Backups are DBA 101, but most of the organizations who are having these types of issues don’t have a DBA. They might not even have a dedicated IT person, or if they do it’s someone who comes by once a week to make sure the printer and wifi still works and takes care of company laptops. The current situation is that we hope they go to a SQL Saturday, or user group, and learn about backups and start taking them. So, I thought, what could be done to make that easier, and faster. The database engine has technology to do backups automatically (maintenance plans) and even move them to secondary or tertiary location (backup to URL).
What I’m asking for (besides you to upvote that User Voice item) is for Microsoft, as part of SQL Server setup, to add two new screens. The first would be called “Backup”—it would offer a dire warning to the effect of:
In order to protect the data in your databases, Microsoft strongly encourages you to take backups of your data. In the event of hardware failure, data corruption, or malicious software, Microsoft support will be unable to help you recovery your data, and you will incur data loss. This box is checked by defaults to enable automatic daily backups of all of your databases.
The next screen would offer you options on where to store your data, and how long to retain it. It would offer the option to store the backups locally, or on a network share, and give you the ability to encrypt your databases. It would also allow you to backup your encryption key (and strongly encourage you to do so).
The next part of that screen is where I think this could become attractive to Microsoft. It would give you the option to backup your databases to URL in Azure, and if you didn’t have an Azure account, it would allow the user to create one. Frankly, for most organizations who would be using this for their backup solution, Azure is the best option.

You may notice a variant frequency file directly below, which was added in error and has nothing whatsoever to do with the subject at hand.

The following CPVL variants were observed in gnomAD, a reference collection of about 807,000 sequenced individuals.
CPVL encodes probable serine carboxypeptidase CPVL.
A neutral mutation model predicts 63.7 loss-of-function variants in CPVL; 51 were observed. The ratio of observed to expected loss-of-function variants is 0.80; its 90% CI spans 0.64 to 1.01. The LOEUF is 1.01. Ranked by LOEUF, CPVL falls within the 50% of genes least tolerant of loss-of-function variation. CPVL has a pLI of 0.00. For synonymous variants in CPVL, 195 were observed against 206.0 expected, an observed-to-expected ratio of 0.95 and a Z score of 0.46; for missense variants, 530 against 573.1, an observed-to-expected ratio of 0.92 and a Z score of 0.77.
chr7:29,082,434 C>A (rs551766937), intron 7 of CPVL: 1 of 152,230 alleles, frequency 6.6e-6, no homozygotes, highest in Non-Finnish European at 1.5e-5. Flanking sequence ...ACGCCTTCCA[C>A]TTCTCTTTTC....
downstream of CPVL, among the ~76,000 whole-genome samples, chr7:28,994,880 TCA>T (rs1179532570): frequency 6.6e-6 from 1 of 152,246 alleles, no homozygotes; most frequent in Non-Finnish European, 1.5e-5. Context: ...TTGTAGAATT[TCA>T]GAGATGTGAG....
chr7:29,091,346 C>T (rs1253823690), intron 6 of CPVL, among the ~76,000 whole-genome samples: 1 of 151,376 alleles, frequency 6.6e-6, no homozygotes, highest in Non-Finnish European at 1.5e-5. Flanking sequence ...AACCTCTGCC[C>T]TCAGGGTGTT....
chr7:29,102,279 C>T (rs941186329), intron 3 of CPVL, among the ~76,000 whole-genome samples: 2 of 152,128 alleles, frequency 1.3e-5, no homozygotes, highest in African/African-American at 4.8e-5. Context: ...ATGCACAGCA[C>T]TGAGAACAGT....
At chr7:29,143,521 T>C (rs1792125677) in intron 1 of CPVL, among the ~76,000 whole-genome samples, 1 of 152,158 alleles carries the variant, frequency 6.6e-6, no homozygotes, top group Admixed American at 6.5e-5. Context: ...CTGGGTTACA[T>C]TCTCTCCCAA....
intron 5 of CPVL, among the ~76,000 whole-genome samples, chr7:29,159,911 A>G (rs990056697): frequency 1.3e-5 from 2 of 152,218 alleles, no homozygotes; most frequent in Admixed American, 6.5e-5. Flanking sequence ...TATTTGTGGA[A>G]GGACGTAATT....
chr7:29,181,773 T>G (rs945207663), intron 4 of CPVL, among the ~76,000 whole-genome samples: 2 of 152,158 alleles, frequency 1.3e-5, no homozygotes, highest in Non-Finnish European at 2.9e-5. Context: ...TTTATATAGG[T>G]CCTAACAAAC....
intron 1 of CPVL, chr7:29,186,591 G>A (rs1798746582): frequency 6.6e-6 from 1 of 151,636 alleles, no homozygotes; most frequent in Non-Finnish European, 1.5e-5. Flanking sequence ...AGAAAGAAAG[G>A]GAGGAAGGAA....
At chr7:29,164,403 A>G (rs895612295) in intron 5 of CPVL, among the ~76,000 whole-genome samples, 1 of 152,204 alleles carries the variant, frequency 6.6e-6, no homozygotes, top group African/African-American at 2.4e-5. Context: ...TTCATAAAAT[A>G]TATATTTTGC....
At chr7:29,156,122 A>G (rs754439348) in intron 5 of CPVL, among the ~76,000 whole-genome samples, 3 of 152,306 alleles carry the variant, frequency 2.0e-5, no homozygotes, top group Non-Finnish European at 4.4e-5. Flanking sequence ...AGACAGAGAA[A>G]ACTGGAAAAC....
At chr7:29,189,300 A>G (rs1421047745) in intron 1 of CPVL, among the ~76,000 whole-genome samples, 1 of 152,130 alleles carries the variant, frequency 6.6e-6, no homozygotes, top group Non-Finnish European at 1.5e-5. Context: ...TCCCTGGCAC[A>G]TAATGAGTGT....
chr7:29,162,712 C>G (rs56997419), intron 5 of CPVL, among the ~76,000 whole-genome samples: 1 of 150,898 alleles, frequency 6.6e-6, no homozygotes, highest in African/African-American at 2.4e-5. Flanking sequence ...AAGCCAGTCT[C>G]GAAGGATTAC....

Arguments Against This Feature
The main arguments I could make against this feature request are minimal. One could argue that you would like to use Ola’s scripts, or DBATools, or change striping or the buffer count for your backup. If you are making any of those arguments, this feature isn’t for you. If you’ve ever installed SQL Server with a configuration file, this feature isn’t for you. The only valid argument I can see against doing this, is that one could potentially fill up a file system with backup files. Maintenance plans do have the ability to prune old backups, so I would include that in my deployment. I might also build in some alerting and warnings into the SQL Agent to notify someone by default.
The other argument I see, is that Microsoft offers a similar product with Azure Backup for SQL VMs, and this would cannibalize that feature. It very well might, but that product is limited to Azure, and we are aiming for the greater good here helping more people protect their data is good for Microsoft, good for SQL Server, and good for the world.
If you are reading this, go upvote my User Voice request here. This feature isn’t about you, it’s about all the orgs who’ve IT decisions have them at the point of data loss, and they were really none the wiser. Let’s make life easier for folks.
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I don’t typically blog about network engineering here. However, in the last few weeks I’ve seen several major companies get hit with ransomware attacks. While this isn’t an uncommon thing in 2019, it is uncommon that their entire environments were taken offline because of it. So with that, let’s talk about how these attacks can do this. Since the best way to deal with any sort of an attack is to deal with an “Assume breach” model, let’s talk about the best way to defend against attacks: physical network security.
The Attack Vector: Dumb Humans